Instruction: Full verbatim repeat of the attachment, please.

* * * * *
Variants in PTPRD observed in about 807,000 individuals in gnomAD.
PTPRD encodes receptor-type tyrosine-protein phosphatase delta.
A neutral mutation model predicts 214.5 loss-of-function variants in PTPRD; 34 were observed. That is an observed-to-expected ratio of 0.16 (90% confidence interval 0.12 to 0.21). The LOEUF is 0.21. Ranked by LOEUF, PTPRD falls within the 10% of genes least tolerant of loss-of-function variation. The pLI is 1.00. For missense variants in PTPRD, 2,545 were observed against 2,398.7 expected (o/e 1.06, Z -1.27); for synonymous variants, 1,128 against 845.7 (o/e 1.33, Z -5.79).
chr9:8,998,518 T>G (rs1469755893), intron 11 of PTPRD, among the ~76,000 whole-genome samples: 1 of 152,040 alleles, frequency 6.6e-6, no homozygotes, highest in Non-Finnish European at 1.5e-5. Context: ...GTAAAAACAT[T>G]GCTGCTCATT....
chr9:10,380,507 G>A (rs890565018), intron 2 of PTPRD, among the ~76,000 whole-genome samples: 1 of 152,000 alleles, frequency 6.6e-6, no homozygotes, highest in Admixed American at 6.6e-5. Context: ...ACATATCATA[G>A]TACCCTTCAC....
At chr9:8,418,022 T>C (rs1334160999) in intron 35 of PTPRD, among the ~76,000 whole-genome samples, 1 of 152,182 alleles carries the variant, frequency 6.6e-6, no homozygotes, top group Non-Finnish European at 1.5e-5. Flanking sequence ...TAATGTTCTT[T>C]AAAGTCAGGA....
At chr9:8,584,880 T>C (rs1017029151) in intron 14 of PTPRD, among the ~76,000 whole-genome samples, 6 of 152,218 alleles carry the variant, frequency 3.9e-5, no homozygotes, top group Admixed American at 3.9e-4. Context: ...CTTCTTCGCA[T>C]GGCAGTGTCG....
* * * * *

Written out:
Variants in PTPRD observed in about 807,000 individuals in gnomAD.
PTPRD encodes receptor-type tyrosine-protein phosphatase delta.
A neutral mutation model predicts 214.5 loss-of-function variants in PTPRD; 34 were observed. That is an observed-to-expected ratio of 0.16 (90% confidence interval 0.12 to 0.21). The LOEUF is 0.21. Ranked by LOEUF, PTPRD falls within the 10% of genes least tolerant of loss-of-function variation. The pLI is 1.00. For missense variants in PTPRD, 2,545 were observed against 2,398.7 expected (o/e 1.06, Z -1.27); for synonymous variants, 1,128 against 845.7 (o/e 1.33, Z -5.79).
chr9:8,998,518 T>G (rs1469755893), intron 11 of PTPRD, among the ~76,000 whole-genome samples: 1 of 152,040 alleles, frequency 6.6e-6, no homozygotes, highest in Non-Finnish European at 1.5e-5. Context: ...GTAAAAACAT[T>G]GCTGCTCATT....
chr9:10,380,507 G>A (rs890565018), intron 2 of PTPRD, among the ~76,000 whole-genome samples: 1 of 152,000 alleles, frequency 6.6e-6, no homozygotes, highest in Admixed American at 6.6e-5. Context: ...ACATATCATA[G>A]TACCCTTCAC....
At chr9:8,418,022 T>C (rs1334160999) in intron 35 of PTPRD, among the ~76,000 whole-genome samples, 1 of 152,182 alleles carries the variant, frequency 6.6e-6, no homozygotes, top group Non-Finnish European at 1.5e-5. Flanking sequence ...TAATGTTCTT[T>C]AAAGTCAGGA....
At chr9:8,584,880 T>C (rs1017029151) in intron 14 of PTPRD, among the ~76,000 whole-genome samples, 6 of 152,218 alleles carry the variant, frequency 3.9e-5, no homozygotes, top group Admixed American at 3.9e-4. Context: ...CTTCTTCGCA[T>C]GGCAGTGTCG....